BENSOZIA/ARTS

Thoughts, Ideas, Observations


Review

MOMA HIGHLIGHTS.  Department of Publications, The Museum of Modern Art, New York, 1999.

Reviewed by John Bedell                        The MOMA web site

This attractive little book presents 325 works from one of the world's most important collections of 20th-century art.  Each work gets a page, a color photograph, and a brief commentary.  A wide range of media is included: painting, photography, sculpture, film, furniture, industrial design, and--we'll come back to this later--the indescribable.  In most cases there is only one work from each artist, but a few of the most important (Picasso, Andy Warhol) get two or three entries.  The selection is an interesting mix of the famous and the relatively obscure, the descriptions are generally informative, and the presentation crisp; on the whole, it strikes me as a good introduction to the MOMA collection.

I confess that my motives for checking this volume out of the library were not pure, because in my mind the Museum of Modern Art is the chief citadel of the kind of art that I hate.  There is a fair amount in the book that I find reasonably interesting and attractive, and even a couple of things that I really like, but by and large my distaste was confirmed.  The MOMA collection is a grand celebration of innovation for the sake of innovation and revolt for the sake of revolt.  The descriptions of the works are full of lines like: "In a departure from the usual conventions...", "breaks from those ancient traditions", "...deeply alienated from the conventional values of his European, world...", and so on.  If the word "beauty" appears anywhere in the book, I missed it, but then, beauty is probably part of the artistic tradition Clifford Still once described as a "totalitarian hegemony", adding, "this tradition I despise, its presumptions I reject."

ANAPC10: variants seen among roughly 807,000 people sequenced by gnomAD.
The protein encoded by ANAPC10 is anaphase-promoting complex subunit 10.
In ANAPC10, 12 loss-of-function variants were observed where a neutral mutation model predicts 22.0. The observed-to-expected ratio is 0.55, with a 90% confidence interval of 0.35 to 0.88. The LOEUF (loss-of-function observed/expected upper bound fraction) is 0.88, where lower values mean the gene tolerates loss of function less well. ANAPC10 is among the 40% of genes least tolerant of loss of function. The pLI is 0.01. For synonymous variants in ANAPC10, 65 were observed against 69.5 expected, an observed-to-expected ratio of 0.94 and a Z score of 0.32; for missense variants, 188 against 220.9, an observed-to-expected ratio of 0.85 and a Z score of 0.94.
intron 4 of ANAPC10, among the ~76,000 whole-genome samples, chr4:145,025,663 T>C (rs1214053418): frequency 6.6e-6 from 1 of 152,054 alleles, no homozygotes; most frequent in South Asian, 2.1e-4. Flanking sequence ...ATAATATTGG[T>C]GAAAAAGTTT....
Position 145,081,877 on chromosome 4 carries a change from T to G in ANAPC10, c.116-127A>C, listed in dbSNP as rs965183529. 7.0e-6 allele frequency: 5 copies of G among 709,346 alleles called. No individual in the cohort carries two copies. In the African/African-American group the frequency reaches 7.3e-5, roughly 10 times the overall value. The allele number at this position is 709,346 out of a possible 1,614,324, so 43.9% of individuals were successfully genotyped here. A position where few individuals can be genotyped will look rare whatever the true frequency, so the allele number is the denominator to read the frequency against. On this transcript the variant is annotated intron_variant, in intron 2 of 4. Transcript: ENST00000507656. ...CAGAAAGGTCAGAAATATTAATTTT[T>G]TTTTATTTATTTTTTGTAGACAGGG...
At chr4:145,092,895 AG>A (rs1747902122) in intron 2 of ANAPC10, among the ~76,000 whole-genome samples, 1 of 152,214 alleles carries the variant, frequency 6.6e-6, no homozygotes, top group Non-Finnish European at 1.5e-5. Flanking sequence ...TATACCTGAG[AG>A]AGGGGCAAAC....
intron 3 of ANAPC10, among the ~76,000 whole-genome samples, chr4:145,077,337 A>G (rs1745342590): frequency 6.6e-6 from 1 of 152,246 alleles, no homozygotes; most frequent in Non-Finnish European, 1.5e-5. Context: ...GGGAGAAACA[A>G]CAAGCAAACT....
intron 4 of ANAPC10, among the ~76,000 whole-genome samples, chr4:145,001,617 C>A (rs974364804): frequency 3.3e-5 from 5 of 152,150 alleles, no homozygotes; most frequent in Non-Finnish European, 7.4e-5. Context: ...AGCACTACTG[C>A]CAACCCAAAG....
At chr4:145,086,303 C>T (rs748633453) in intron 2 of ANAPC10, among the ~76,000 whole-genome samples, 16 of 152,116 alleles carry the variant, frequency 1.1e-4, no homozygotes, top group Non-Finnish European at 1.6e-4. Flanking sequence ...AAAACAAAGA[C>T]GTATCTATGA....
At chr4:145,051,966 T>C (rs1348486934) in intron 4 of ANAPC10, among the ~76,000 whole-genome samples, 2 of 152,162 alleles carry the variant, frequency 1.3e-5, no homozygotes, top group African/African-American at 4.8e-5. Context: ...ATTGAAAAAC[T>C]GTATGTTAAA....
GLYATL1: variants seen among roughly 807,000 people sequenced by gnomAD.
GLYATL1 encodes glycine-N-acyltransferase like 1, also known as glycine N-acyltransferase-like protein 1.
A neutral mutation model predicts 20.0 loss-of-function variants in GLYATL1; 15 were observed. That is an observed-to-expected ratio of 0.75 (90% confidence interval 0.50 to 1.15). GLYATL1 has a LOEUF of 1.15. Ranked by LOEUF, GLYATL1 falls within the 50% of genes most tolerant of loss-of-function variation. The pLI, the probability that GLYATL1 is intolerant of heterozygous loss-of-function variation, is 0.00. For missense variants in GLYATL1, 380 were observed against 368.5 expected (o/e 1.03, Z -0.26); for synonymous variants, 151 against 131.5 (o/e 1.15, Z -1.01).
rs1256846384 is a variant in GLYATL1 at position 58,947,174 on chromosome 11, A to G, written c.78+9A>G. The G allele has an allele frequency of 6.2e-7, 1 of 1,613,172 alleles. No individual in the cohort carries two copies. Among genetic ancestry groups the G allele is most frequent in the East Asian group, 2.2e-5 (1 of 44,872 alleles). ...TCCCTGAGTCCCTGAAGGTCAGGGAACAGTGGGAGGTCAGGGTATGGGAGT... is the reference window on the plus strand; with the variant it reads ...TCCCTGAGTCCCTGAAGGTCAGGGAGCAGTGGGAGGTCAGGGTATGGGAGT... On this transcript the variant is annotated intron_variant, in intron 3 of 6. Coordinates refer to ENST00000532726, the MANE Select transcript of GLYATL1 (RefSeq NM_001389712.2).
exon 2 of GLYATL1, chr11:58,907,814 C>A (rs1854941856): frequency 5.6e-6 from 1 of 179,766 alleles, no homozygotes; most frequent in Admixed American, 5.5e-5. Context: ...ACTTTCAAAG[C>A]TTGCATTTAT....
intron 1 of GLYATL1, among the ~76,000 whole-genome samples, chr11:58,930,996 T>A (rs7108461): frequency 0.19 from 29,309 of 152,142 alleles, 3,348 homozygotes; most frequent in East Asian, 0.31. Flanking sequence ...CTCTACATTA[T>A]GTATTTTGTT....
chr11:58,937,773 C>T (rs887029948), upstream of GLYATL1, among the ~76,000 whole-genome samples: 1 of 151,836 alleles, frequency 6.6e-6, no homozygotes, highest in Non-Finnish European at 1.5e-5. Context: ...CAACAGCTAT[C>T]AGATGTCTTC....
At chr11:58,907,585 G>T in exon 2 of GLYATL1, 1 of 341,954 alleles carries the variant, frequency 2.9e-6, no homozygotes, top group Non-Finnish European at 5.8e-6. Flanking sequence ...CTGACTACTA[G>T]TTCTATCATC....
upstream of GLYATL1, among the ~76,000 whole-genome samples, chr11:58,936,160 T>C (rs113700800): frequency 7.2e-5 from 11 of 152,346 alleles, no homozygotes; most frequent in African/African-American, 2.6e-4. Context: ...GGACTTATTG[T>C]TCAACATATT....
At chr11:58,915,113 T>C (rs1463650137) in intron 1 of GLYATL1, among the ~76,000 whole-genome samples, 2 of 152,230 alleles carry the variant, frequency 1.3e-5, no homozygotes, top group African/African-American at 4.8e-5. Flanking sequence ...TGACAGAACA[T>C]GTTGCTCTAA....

To my mind, the best works in this book are at the beginning, where Van Gogh, CÚzanne, and Rodin represent the lingering traditions of the 19th century.  My favorite work that I had never before seen was also in this section, a magnificently creepy mythic nightmare by Alfred Kubin titled The Eternal Flame (1900) that shows a skull floating over a cauldron of fire, watched by a throng of worshippers or victims.  Then things start to fall apart.  The beginning stages of this decomposition yielded some interesting results, where recognizable images float in strange worlds of dream or mix in absurd conceptual spaces.  I've always loved Gustav Klimt, although the work shown here isn't anything special, and Marc Chagall's dreamy farm animals strike me as the perfect mix of sophistication and nostalgia.  Picasso has never done anything for me, but the best surrealist works have a striking quality that burns them into the memory:  who could ever forget the melting watches of Dali's Persistence of Memory?  More and more, though, as one turns the pages, one sees images that look like nothing in particular, and not in any particularly striking way.  Collages of junk, squiggly lines, juxtaposed blocks of color, or just monochromatic canvases; a feeling of dreariness settles in, broken only by those works that can be taken as jokes.